Where the bones are piled

You, lake, were the mighty waterway of my childhood, artificial as I knew you to be. Dredged by depression-era optimists, you were centerpiece to end-of-school outings, family picnics, Brownie picnics, church picnics. Tour de vous the treat for out of town relatives, destination on interminable Sunday afternoons as my parents ambled your flower-bed displays, up one side and down the other, commenting on showy petunias, mounds of zinnias. You teased my grade nine classmates, Joanne and Shelley, laughed as you let their found barge of lashed logs float a few yards from your shore towards Snake Island, before you sank it and soaked their jeans with your pea-green algaed scum.

Later, for your amusement, you’d call us all to your well, teenaged dowsers from schools and dead-end jobs who’d pair up to watch the submarine races, or just hang out in clumps by your bandstand, or drink beer in cars or cover of bushes. My guy and I could trip around you for half or more of an eight-hour high, your pathways acid-etched, ever-varied. Tunnels beneath the old campus edifices, the spouting mouths of the fountain from Trafalgar, marble-grain of the towering columns inside the Leg (read ‘ledge’) yielding faces and phantasms we could have seen even without chemical enhancement. A bog of grass, mud and goose turds to navigate. We’d sit on the old abutment, remnant of the bridge that used to straddle you, feet dangling into the dark air over you, roaches or cigarette butts trailing sparks on the way down to be extinguished in your weak churn. The once or twice we walked in winter, ice thick enough that we could cross to Willow Island, the snow-leveled view from there felt distorted and alien.

Hello again, you pile of buffalo bones. Thirty, thirty-five years on, every rare visit back, I make time to circumnavigate you with the joggers, the dog walkers and cyclists. Your old abutment now a waterfall, you’ve been renewed, dredged deep once again by civic pride and corporate munificence. You sport new paths beside the queenly bridge of colour-washed pillars, but most of the old routes remain. The gallery has moved and grown but the power plant, spiral concrete washrooms, the swimming pool where we watched an eclipse through smoky glass are face-lifted but still there.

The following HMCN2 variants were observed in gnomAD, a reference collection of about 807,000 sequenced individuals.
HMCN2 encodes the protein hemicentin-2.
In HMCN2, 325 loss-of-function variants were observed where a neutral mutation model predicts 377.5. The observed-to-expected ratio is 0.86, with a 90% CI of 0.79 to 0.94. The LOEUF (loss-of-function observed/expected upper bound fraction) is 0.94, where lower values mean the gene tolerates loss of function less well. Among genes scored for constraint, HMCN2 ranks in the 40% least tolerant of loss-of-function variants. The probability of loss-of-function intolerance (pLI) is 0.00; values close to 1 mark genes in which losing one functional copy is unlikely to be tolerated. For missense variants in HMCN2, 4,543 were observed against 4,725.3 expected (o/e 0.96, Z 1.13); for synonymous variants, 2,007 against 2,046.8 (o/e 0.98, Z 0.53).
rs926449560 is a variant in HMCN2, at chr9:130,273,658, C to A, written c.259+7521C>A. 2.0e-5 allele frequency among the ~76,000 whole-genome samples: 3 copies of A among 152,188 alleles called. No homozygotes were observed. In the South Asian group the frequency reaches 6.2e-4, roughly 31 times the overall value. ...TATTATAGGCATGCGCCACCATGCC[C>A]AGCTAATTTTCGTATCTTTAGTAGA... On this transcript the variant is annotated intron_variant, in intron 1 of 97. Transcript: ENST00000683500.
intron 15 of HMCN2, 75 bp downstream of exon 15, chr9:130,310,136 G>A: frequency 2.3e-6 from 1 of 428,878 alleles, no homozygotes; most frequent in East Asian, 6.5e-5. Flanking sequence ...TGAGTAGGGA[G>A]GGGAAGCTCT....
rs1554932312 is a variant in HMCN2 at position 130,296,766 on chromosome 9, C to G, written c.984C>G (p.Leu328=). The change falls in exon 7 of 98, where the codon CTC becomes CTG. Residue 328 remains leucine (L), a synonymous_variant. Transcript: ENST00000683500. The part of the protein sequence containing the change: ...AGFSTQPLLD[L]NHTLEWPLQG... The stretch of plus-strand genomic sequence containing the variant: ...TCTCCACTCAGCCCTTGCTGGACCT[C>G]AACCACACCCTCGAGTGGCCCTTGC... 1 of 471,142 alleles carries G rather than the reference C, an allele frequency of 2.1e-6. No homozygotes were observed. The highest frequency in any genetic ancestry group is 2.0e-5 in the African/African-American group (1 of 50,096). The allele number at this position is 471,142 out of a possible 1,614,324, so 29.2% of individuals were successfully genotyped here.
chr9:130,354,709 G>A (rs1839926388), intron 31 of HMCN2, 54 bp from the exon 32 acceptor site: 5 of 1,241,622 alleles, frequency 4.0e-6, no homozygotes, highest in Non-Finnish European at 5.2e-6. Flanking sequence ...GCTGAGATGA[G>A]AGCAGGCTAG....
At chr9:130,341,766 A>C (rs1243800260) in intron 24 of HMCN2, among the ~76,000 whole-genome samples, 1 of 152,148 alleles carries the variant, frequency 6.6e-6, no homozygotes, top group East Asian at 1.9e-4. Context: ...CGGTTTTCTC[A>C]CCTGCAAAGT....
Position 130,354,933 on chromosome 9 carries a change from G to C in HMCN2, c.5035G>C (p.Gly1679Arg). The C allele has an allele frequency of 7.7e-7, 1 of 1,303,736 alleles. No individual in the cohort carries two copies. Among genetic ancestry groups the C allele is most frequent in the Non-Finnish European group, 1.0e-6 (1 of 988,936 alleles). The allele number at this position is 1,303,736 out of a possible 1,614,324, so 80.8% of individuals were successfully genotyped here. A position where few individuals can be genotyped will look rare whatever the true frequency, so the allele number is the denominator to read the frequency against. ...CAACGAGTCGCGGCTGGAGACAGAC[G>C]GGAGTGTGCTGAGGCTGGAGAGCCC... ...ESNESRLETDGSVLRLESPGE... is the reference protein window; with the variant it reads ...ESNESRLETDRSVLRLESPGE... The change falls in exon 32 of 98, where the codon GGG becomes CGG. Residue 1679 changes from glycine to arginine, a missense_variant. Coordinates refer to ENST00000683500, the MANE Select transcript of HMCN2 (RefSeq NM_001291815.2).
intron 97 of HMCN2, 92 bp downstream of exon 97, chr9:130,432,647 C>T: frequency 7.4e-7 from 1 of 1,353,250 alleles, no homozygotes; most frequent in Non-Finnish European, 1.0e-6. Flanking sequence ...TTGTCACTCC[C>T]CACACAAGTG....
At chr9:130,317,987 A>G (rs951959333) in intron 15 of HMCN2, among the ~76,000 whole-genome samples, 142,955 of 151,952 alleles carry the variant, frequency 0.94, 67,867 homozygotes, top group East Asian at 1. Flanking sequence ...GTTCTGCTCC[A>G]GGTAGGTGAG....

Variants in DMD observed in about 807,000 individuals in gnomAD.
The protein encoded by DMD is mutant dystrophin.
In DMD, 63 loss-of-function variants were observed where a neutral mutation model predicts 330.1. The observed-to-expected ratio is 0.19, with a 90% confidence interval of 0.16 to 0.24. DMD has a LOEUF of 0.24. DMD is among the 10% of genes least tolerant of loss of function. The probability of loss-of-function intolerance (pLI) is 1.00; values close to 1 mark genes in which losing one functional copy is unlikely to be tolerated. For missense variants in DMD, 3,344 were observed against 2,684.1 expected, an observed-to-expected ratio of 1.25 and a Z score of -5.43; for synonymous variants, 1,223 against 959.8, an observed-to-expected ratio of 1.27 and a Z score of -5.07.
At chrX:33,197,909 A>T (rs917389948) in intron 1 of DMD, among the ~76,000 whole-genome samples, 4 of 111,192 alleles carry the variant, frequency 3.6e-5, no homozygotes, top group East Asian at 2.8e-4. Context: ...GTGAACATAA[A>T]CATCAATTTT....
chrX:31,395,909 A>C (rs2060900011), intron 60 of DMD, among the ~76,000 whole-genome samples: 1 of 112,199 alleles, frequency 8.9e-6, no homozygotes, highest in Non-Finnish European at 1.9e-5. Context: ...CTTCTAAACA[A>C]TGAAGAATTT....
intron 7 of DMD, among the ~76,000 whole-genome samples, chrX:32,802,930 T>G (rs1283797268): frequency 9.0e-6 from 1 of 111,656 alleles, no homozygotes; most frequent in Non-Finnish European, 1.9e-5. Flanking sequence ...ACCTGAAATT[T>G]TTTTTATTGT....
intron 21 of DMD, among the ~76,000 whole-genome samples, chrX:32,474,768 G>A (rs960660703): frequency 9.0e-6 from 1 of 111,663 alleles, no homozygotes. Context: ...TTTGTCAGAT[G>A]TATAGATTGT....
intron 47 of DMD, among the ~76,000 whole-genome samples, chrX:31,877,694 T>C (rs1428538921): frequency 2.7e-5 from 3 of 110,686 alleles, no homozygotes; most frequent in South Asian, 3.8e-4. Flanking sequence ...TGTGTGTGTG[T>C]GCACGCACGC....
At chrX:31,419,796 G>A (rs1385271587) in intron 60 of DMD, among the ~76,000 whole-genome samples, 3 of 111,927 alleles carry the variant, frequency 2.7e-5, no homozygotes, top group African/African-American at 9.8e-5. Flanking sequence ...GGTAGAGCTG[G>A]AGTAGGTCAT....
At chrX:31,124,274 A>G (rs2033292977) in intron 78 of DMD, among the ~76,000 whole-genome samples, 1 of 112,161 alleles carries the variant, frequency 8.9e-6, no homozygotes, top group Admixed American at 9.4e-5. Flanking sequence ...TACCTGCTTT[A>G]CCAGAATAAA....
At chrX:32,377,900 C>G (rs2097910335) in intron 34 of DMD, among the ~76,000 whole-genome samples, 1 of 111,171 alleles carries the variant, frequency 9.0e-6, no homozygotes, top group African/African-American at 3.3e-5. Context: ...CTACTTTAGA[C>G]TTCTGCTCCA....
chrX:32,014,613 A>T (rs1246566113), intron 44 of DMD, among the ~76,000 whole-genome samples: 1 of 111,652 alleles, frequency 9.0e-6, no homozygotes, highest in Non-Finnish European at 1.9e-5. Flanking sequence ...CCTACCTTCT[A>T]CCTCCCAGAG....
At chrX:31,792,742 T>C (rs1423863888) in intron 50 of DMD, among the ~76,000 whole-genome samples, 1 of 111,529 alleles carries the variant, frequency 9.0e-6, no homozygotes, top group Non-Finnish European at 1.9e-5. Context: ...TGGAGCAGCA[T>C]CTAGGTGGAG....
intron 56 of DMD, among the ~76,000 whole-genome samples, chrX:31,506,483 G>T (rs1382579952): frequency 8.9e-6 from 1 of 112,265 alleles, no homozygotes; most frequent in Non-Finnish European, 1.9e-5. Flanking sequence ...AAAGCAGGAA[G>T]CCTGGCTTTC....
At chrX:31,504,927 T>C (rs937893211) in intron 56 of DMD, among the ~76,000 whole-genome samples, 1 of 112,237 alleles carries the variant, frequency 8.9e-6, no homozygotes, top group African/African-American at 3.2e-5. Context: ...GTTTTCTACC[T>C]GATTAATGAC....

Just past your monument to surveyors, with its colonial tales impressed in bas-relief, a low path meets a high path. That’s where I start counting—fifty or so paces along, I look for a dirt divot in the grass, rut that zigs down to your edge, near-flat access to a lapping inlet overhung by branches of silver-willow. My last time here, your breezes bantered with my sister and me, and you opened up in this spot, accepted three loads of ash I tipped into you. My mother’s, my father’s, my younger brother’s, each different in texture, varied in shades of sand and volcano. You still like a laugh, insist on levity so we unwittingly clowned for you, my sandals slip-sliding on your dry sloped shore-edge, Janet braced and holding onto the waistband of my jeans as I leaned over you. We heard each other try not to giggle, dusty puffs blew back onto my toes, and the rest of the ash drizzled into your shallows.

This visit, my booted feet don’t slip. I count out my steps, photograph the tree, try to capture the luminosity of its reflection upon your water.


Frances Boyle is a Canadian writer, living in Ottawa. She is the author of two poetry books, Light-carved Passages (2014 BuschekBooks) and This White Nest (forthcoming fall 2019 Quattro Books), as well as a novella, Tower (2018 Fish Gotta Swim Editions). Her short story collection Seeking Shade will be published in 2020 by The Porcupine’s Quill. Frances’s poems and short stories have appeared in online and print journals throughout North American and in the U.K., including recent or forthcoming work in Vallum, Queen’s Quarterly, Riggwelter, Black Bough, Nightingale & Sparrow, Big Pond Rumours,River Heron Review and Savant Garde. She helps edit Arc Poetry Magazine and reviews for Canthius. Visit www.francesboyle.com or follow @francesboyle19 on Twitter and Instagram.

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